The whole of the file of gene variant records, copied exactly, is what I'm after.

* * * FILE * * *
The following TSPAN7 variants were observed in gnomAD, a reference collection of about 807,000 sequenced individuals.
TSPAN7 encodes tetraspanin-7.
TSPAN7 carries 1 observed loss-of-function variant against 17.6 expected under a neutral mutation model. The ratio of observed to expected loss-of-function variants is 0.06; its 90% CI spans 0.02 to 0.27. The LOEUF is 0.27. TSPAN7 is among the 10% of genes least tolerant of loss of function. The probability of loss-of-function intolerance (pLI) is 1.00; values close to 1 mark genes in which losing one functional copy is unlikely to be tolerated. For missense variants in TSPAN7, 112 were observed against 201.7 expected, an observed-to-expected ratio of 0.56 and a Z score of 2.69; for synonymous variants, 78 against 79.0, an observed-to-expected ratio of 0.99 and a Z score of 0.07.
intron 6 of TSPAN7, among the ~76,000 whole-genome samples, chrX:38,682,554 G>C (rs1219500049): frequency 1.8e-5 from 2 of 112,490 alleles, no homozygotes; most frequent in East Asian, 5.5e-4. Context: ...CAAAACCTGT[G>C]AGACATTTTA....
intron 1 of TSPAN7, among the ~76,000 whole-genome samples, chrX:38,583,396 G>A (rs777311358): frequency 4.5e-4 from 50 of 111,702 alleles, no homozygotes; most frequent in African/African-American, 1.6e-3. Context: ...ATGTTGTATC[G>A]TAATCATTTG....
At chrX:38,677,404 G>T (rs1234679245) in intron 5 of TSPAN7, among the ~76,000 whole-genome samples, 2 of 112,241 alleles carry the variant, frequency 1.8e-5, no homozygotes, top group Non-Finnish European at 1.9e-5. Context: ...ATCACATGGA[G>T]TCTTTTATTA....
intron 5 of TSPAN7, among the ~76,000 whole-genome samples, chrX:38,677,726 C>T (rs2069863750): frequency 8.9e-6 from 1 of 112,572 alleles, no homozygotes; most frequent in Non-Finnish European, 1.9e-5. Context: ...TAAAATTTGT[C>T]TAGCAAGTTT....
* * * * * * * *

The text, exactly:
The following TSPAN7 variants were observed in gnomAD, a reference collection of about 807,000 sequenced individuals.
TSPAN7 encodes tetraspanin-7.
TSPAN7 carries 1 observed loss-of-function variant against 17.6 expected under a neutral mutation model. The ratio of observed to expected loss-of-function variants is 0.06; its 90% CI spans 0.02 to 0.27. The LOEUF is 0.27. TSPAN7 is among the 10% of genes least tolerant of loss of function. The probability of loss-of-function intolerance (pLI) is 1.00; values close to 1 mark genes in which losing one functional copy is unlikely to be tolerated. For missense variants in TSPAN7, 112 were observed against 201.7 expected, an observed-to-expected ratio of 0.56 and a Z score of 2.69; for synonymous variants, 78 against 79.0, an observed-to-expected ratio of 0.99 and a Z score of 0.07.
intron 6 of TSPAN7, among the ~76,000 whole-genome samples, chrX:38,682,554 G>C (rs1219500049): frequency 1.8e-5 from 2 of 112,490 alleles, no homozygotes; most frequent in East Asian, 5.5e-4. Context: ...CAAAACCTGT[G>C]AGACATTTTA....
intron 1 of TSPAN7, among the ~76,000 whole-genome samples, chrX:38,583,396 G>A (rs777311358): frequency 4.5e-4 from 50 of 111,702 alleles, no homozygotes; most frequent in African/African-American, 1.6e-3. Context: ...ATGTTGTATC[G>A]TAATCATTTG....
At chrX:38,677,404 G>T (rs1234679245) in intron 5 of TSPAN7, among the ~76,000 whole-genome samples, 2 of 112,241 alleles carry the variant, frequency 1.8e-5, no homozygotes, top group Non-Finnish European at 1.9e-5. Context: ...ATCACATGGA[G>T]TCTTTTATTA....
intron 5 of TSPAN7, among the ~76,000 whole-genome samples, chrX:38,677,726 C>T (rs2069863750): frequency 8.9e-6 from 1 of 112,572 alleles, no homozygotes; most frequent in Non-Finnish European, 1.9e-5. Context: ...TAAAATTTGT[C>T]TAGCAAGTTT....